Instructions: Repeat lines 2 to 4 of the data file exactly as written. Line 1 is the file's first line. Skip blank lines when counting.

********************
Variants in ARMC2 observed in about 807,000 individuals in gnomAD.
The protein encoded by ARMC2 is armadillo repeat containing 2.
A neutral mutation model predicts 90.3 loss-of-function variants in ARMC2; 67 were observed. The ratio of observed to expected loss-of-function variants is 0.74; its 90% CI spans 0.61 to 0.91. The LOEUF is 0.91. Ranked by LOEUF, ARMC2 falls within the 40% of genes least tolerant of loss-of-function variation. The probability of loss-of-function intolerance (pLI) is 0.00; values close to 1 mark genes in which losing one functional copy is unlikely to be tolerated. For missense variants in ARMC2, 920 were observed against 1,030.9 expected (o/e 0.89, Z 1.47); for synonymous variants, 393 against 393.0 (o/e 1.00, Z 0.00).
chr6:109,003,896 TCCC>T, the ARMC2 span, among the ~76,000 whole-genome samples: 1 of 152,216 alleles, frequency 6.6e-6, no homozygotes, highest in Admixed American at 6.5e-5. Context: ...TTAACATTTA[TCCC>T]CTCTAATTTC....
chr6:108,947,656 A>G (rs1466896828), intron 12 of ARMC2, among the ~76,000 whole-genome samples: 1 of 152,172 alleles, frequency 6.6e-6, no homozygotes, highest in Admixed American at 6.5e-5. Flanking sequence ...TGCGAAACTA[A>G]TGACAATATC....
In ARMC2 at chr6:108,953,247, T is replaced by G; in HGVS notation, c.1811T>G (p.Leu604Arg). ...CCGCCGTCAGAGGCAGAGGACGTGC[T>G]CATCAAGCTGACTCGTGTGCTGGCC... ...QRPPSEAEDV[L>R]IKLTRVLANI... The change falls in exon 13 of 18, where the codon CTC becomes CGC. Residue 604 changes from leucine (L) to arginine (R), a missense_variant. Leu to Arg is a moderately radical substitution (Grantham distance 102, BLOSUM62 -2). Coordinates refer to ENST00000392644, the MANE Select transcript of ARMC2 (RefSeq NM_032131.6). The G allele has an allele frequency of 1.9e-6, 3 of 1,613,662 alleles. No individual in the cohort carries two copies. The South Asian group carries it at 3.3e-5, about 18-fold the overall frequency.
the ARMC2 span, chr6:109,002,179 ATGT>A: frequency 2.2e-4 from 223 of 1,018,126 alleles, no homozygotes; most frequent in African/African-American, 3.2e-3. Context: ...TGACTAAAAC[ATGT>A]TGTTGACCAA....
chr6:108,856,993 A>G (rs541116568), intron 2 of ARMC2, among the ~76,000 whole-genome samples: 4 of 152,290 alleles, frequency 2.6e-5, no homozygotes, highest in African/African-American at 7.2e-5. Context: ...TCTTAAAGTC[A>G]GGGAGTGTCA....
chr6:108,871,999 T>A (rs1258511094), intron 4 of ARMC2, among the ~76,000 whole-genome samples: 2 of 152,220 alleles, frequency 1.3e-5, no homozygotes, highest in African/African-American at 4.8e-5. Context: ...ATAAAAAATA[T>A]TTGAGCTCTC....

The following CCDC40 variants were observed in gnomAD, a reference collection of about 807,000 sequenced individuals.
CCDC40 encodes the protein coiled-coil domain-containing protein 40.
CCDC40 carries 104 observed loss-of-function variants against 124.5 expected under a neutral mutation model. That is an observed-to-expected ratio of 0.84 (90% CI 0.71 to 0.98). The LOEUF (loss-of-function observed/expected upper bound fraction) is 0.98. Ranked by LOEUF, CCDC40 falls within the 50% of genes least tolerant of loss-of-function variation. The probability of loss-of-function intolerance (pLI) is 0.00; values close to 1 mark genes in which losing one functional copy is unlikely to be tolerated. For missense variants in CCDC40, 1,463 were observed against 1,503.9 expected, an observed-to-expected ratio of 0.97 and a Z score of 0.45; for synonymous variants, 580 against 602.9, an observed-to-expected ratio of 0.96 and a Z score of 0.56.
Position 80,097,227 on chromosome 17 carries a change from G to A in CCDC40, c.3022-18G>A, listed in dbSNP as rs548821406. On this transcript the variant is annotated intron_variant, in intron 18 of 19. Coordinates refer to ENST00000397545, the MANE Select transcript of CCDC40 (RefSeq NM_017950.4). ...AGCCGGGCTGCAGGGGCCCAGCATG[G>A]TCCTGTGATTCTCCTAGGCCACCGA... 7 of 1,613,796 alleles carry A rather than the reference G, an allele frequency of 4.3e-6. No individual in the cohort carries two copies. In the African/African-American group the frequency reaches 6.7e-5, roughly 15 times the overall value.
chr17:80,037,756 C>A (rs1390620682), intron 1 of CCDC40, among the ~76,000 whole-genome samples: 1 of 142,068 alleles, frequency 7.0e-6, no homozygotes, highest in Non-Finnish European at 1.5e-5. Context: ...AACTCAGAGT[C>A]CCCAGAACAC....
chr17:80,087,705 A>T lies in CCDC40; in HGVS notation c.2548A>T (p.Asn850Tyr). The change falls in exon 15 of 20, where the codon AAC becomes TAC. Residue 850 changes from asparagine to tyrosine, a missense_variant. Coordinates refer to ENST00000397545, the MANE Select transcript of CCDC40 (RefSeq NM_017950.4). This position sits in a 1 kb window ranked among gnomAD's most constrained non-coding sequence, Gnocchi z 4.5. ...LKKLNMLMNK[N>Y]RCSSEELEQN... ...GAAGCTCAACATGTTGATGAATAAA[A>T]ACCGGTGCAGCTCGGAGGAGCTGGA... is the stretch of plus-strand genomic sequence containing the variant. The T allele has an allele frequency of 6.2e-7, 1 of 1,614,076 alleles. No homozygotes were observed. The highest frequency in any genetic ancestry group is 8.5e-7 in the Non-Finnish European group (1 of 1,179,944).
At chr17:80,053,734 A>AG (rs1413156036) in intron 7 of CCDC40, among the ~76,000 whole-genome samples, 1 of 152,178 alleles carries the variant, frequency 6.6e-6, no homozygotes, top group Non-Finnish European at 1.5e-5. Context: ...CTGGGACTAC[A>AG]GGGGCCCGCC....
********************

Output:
The protein encoded by ARMC2 is armadillo repeat containing 2.
A neutral mutation model predicts 90.3 loss-of-function variants in ARMC2; 67 were observed. The ratio of observed to expected loss-of-function variants is 0.74; its 90% CI spans 0.61 to 0.91. The LOEUF is 0.91. Ranked by LOEUF, ARMC2 falls within the 40% of genes least tolerant of loss-of-function variation. The probability of loss-of-function intolerance (pLI) is 0.00; values close to 1 mark genes in which losing one functional copy is unlikely to be tolerated. For missense variants in ARMC2, 920 were observed against 1,030.9 expected (o/e 0.89, Z 1.47); for synonymous variants, 393 against 393.0 (o/e 1.00, Z 0.00).
chr6:109,003,896 TCCC>T, the ARMC2 span, among the ~76,000 whole-genome samples: 1 of 152,216 alleles, frequency 6.6e-6, no homozygotes, highest in Admixed American at 6.5e-5. Context: ...TTAACATTTA[TCCC>T]CTCTAATTTC....